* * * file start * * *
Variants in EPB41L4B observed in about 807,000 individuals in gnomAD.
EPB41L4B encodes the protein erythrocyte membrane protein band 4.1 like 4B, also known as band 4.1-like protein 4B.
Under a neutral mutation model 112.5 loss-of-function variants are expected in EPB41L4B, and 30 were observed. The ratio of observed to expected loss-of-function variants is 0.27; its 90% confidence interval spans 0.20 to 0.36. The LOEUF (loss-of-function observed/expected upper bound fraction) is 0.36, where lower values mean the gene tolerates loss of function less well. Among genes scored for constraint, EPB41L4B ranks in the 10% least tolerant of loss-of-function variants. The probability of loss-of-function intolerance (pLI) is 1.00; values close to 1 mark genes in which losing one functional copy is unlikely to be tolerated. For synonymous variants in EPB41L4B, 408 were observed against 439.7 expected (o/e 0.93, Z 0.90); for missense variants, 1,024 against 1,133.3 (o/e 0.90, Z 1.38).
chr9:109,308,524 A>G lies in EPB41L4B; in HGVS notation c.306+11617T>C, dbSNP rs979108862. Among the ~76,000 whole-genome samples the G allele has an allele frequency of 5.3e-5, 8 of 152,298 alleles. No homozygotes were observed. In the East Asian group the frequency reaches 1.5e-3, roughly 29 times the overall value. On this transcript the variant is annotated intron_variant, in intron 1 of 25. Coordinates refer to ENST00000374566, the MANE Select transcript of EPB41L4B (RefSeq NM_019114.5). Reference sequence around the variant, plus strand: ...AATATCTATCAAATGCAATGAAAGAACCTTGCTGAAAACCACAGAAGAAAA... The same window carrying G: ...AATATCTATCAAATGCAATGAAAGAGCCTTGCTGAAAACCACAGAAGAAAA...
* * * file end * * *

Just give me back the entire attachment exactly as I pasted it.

Variants in EPB41L4B observed in about 807,000 individuals in gnomAD.
EPB41L4B encodes the protein erythrocyte membrane protein band 4.1 like 4B, also known as band 4.1-like protein 4B.
Under a neutral mutation model 112.5 loss-of-function variants are expected in EPB41L4B, and 30 were observed. The ratio of observed to expected loss-of-function variants is 0.27; its 90% confidence interval spans 0.20 to 0.36. The LOEUF (loss-of-function observed/expected upper bound fraction) is 0.36, where lower values mean the gene tolerates loss of function less well. Among genes scored for constraint, EPB41L4B ranks in the 10% least tolerant of loss-of-function variants. The probability of loss-of-function intolerance (pLI) is 1.00; values close to 1 mark genes in which losing one functional copy is unlikely to be tolerated. For synonymous variants in EPB41L4B, 408 were observed against 439.7 expected (o/e 0.93, Z 0.90); for missense variants, 1,024 against 1,133.3 (o/e 0.90, Z 1.38).
chr9:109,308,524 A>G lies in EPB41L4B; in HGVS notation c.306+11617T>C, dbSNP rs979108862. Among the ~76,000 whole-genome samples the G allele has an allele frequency of 5.3e-5, 8 of 152,298 alleles. No homozygotes were observed. In the East Asian group the frequency reaches 1.5e-3, roughly 29 times the overall value. On this transcript the variant is annotated intron_variant, in intron 1 of 25. Coordinates refer to ENST00000374566, the MANE Select transcript of EPB41L4B (RefSeq NM_019114.5). Reference sequence around the variant, plus strand: ...AATATCTATCAAATGCAATGAAAGAACCTTGCTGAAAACCACAGAAGAAAA... The same window carrying G: ...AATATCTATCAAATGCAATGAAAGAGCCTTGCTGAAAACCACAGAAGAAAA...